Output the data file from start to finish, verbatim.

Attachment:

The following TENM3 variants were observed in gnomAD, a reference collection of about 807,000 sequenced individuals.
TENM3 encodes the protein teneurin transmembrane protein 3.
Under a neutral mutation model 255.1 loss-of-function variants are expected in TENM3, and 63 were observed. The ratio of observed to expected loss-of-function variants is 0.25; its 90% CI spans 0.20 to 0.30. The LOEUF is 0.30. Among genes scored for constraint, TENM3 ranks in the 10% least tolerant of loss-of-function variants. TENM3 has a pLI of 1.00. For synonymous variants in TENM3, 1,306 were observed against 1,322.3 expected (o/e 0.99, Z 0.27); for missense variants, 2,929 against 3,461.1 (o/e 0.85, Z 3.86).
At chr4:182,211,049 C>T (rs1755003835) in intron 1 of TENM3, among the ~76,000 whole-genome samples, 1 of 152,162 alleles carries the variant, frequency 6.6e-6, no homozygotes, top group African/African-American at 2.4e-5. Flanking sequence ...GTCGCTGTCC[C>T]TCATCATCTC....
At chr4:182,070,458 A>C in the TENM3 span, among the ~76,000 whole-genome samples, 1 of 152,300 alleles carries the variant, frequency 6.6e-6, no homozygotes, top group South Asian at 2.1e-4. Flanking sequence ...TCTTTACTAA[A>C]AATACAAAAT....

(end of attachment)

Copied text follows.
The following TENM3 variants were observed in gnomAD, a reference collection of about 807,000 sequenced individuals.
TENM3 encodes the protein teneurin transmembrane protein 3.
Under a neutral mutation model 255.1 loss-of-function variants are expected in TENM3, and 63 were observed. The ratio of observed to expected loss-of-function variants is 0.25; its 90% CI spans 0.20 to 0.30. The LOEUF is 0.30. Among genes scored for constraint, TENM3 ranks in the 10% least tolerant of loss-of-function variants. TENM3 has a pLI of 1.00. For synonymous variants in TENM3, 1,306 were observed against 1,322.3 expected (o/e 0.99, Z 0.27); for missense variants, 2,929 against 3,461.1 (o/e 0.85, Z 3.86).
At chr4:182,211,049 C>T (rs1755003835) in intron 1 of TENM3, among the ~76,000 whole-genome samples, 1 of 152,162 alleles carries the variant, frequency 6.6e-6, no homozygotes, top group African/African-American at 2.4e-5. Flanking sequence ...GTCGCTGTCC[C>T]TCATCATCTC....
At chr4:182,070,458 A>C in the TENM3 span, among the ~76,000 whole-genome samples, 1 of 152,300 alleles carries the variant, frequency 6.6e-6, no homozygotes, top group South Asian at 2.1e-4. Flanking sequence ...TCTTTACTAA[A>C]AATACAAAAT....